Another individual had a similar reminder about how grief can show up in unexpected ways, “Giving yourself permission to feel emotion on the anniversary dates is important especially the first year. Oddly I thought my parent’s birthdays the first year would be tough but they ended up not being as tough as mine. On theirs I felt a gratitude for their lives and accomplishments. It was a peaceful sense of a celebrating a life well lived. On mine I felt a sense of being orphaned because the two people most excited about my birth and existence were no longer there to share that with me. Alzheimer’s took that remembering several years previous but after death there was an alone feeling I never would have expected.”

One person noticed that sometimes they felt guilty celebrating a special event that happened to fall on the anniversary of the day they lost a loved one. It is normal to feel conflicted. It can be hard to celebrate when someone who was central to your life is gone.

Another shared something that brought her comfort, “The Firsts are the hardest. It doesn’t get easier as much as coping changes. We try to focus on good memories of those who have passed. We celebrate things that bring a memory. For instance, both my grandparents died the same day, 9 years apart. It also happens to be Epiphany (the 12th day of Christmas). I try to make something in the kitchen as that’s what I did with them. Or we talk of silly stories. My mother pays for the church flowers in their memory at this time of year, the closest Sunday to the date as it falls. Doing these things brings comfort and remembrance.”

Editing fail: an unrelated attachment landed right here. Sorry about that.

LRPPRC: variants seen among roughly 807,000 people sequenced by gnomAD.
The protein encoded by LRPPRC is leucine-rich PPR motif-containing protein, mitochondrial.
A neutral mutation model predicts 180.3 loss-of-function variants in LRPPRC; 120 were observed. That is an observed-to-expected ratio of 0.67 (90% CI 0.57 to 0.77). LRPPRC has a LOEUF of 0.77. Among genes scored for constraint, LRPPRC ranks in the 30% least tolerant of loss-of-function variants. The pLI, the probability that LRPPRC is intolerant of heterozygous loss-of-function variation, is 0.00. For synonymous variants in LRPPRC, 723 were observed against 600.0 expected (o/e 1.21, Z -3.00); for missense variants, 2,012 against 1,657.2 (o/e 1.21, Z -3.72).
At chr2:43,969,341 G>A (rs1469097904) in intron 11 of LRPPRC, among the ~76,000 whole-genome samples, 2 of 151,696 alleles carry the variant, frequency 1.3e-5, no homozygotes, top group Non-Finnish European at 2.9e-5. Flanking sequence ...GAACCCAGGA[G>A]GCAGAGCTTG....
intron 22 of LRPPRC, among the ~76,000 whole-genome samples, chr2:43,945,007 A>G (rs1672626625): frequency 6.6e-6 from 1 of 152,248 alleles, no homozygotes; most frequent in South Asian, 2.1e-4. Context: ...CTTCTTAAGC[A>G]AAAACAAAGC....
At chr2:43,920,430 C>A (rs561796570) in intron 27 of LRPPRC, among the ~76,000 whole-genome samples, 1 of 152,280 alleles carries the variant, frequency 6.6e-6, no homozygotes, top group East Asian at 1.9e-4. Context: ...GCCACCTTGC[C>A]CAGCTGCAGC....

A dear friend who lost her son and husband on the same day, years after the loss of another son, wrote these words, “I don’t believe the loss hits you right away. You go into a kind of safe place. I was blessed to be surrounded by the community and my church family. There is so much to do when someone dies; the phone calls, the arrangements for the funeral, the cemetery, the actual funeral. I believe in my heart, having buried my 3 men, that the first few days weren’t about me. They were about the people in my life who also wanted to celebrate the life of my loved ones. For me, after everything was done, around 4 months later the enormity of my loss hit. Waking up alone in the painful silence was more silence than my spirit could handle.”

So how do you cope with the silence, with the pain? My friend stated that it helped her to choose to stay active in her church and remember the amazing legacy her loved ones left behind.

Other shared things that brought them comfort and strength, including:

  • Allowing themselves a chance to experience or express their feelings.
  • Doing something special to help remember their loved one on dates of significance
  • Focusing on the good memories
  • Staying busy
  • Spending time with people they care about
  • Attending support groups

That being said, each person experiences grief in their own unique way and on their own schedule. What is true for someone else may not be true for you.

Some observed that even though the “firsts” had a unique pang to them, they were also surprised by unexpected grief, even years later. One individual said that 19 years later it is just as hard for her as the first year. These are further proof that each grief journey is unique.

Grief is not linear. It ebbs and flows with the days and the years, but you CAN learn to cope with it.

Once you get through that first year you still grieve, but you also will be empowered with the knowledge that you can survive. Hopefully you can even thrive, making new, happy memories as you also continue to find comfort in the memory of the one you loved. You will hold them close in your heart, knowing they will always be with you as you carry on.

The new you.

 

 

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Jennifer Roberts Bittner

Certified Celebrant/ Life Tribute Specialist

Morrissett Funeral and Cremation Service
6500 Iron Bridge Rd.
N. Chesterfield, VA 23234
Serving the Richmond area since 1870